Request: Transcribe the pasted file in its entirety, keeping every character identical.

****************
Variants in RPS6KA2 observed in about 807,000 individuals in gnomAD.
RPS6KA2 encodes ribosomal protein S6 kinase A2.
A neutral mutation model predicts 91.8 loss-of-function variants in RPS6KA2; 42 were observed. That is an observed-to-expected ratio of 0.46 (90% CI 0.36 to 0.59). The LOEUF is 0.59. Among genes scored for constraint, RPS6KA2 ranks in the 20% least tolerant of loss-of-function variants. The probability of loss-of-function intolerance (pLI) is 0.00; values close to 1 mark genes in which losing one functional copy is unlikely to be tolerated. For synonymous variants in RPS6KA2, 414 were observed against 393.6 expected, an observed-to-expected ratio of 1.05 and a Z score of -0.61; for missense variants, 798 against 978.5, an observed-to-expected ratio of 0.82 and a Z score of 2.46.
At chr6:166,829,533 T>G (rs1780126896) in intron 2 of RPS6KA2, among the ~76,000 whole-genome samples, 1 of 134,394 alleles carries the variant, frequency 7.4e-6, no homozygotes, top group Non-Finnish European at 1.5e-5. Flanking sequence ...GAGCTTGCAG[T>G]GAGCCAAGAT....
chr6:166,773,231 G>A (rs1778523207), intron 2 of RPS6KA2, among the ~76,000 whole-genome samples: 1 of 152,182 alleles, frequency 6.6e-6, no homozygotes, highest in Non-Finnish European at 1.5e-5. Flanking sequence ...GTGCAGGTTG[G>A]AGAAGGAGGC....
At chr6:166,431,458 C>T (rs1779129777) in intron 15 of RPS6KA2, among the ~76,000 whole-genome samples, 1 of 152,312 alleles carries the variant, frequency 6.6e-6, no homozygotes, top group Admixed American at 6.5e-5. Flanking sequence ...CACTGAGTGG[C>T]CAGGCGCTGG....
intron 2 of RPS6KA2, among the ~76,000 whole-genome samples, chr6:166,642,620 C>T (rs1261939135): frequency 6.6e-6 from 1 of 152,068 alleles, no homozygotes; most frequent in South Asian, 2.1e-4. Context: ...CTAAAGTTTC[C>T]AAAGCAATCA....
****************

Variants in RPS6KA2 observed in about 807,000 individuals in gnomAD.
RPS6KA2 encodes ribosomal protein S6 kinase A2.
A neutral mutation model predicts 91.8 loss-of-function variants in RPS6KA2; 42 were observed. That is an observed-to-expected ratio of 0.46 (90% CI 0.36 to 0.59). The LOEUF is 0.59. Among genes scored for constraint, RPS6KA2 ranks in the 20% least tolerant of loss-of-function variants. The probability of loss-of-function intolerance (pLI) is 0.00; values close to 1 mark genes in which losing one functional copy is unlikely to be tolerated. For synonymous variants in RPS6KA2, 414 were observed against 393.6 expected, an observed-to-expected ratio of 1.05 and a Z score of -0.61; for missense variants, 798 against 978.5, an observed-to-expected ratio of 0.82 and a Z score of 2.46.
At chr6:166,829,533 T>G (rs1780126896) in intron 2 of RPS6KA2, among the ~76,000 whole-genome samples, 1 of 134,394 alleles carries the variant, frequency 7.4e-6, no homozygotes, top group Non-Finnish European at 1.5e-5. Flanking sequence ...GAGCTTGCAG[T>G]GAGCCAAGAT....
chr6:166,773,231 G>A (rs1778523207), intron 2 of RPS6KA2, among the ~76,000 whole-genome samples: 1 of 152,182 alleles, frequency 6.6e-6, no homozygotes, highest in Non-Finnish European at 1.5e-5. Flanking sequence ...GTGCAGGTTG[G>A]AGAAGGAGGC....
At chr6:166,431,458 C>T (rs1779129777) in intron 15 of RPS6KA2, among the ~76,000 whole-genome samples, 1 of 152,312 alleles carries the variant, frequency 6.6e-6, no homozygotes, top group Admixed American at 6.5e-5. Flanking sequence ...CACTGAGTGG[C>T]CAGGCGCTGG....
intron 2 of RPS6KA2, among the ~76,000 whole-genome samples, chr6:166,642,620 C>T (rs1261939135): frequency 6.6e-6 from 1 of 152,068 alleles, no homozygotes; most frequent in South Asian, 2.1e-4. Context: ...CTAAAGTTTC[C>T]AAAGCAATCA....